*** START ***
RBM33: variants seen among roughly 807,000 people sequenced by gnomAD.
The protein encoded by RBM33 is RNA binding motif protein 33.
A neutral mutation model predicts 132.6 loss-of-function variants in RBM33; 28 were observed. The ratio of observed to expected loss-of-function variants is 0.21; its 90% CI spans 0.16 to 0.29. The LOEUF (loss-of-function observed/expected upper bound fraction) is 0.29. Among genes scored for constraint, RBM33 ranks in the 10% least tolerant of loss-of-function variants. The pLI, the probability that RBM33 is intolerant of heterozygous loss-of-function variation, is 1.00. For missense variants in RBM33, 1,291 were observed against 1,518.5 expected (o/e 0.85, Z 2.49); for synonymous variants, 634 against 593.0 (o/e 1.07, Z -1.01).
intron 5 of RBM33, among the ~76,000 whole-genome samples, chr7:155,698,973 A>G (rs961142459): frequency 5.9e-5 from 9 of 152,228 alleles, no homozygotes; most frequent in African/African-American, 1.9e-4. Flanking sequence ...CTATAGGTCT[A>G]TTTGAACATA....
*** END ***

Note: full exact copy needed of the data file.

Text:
RBM33: variants seen among roughly 807,000 people sequenced by gnomAD.
The protein encoded by RBM33 is RNA binding motif protein 33.
A neutral mutation model predicts 132.6 loss-of-function variants in RBM33; 28 were observed. The ratio of observed to expected loss-of-function variants is 0.21; its 90% CI spans 0.16 to 0.29. The LOEUF (loss-of-function observed/expected upper bound fraction) is 0.29. Among genes scored for constraint, RBM33 ranks in the 10% least tolerant of loss-of-function variants. The pLI, the probability that RBM33 is intolerant of heterozygous loss-of-function variation, is 1.00. For missense variants in RBM33, 1,291 were observed against 1,518.5 expected (o/e 0.85, Z 2.49); for synonymous variants, 634 against 593.0 (o/e 1.07, Z -1.01).
intron 5 of RBM33, among the ~76,000 whole-genome samples, chr7:155,698,973 A>G (rs961142459): frequency 5.9e-5 from 9 of 152,228 alleles, no homozygotes; most frequent in African/African-American, 1.9e-4. Flanking sequence ...CTATAGGTCT[A>G]TTTGAACATA....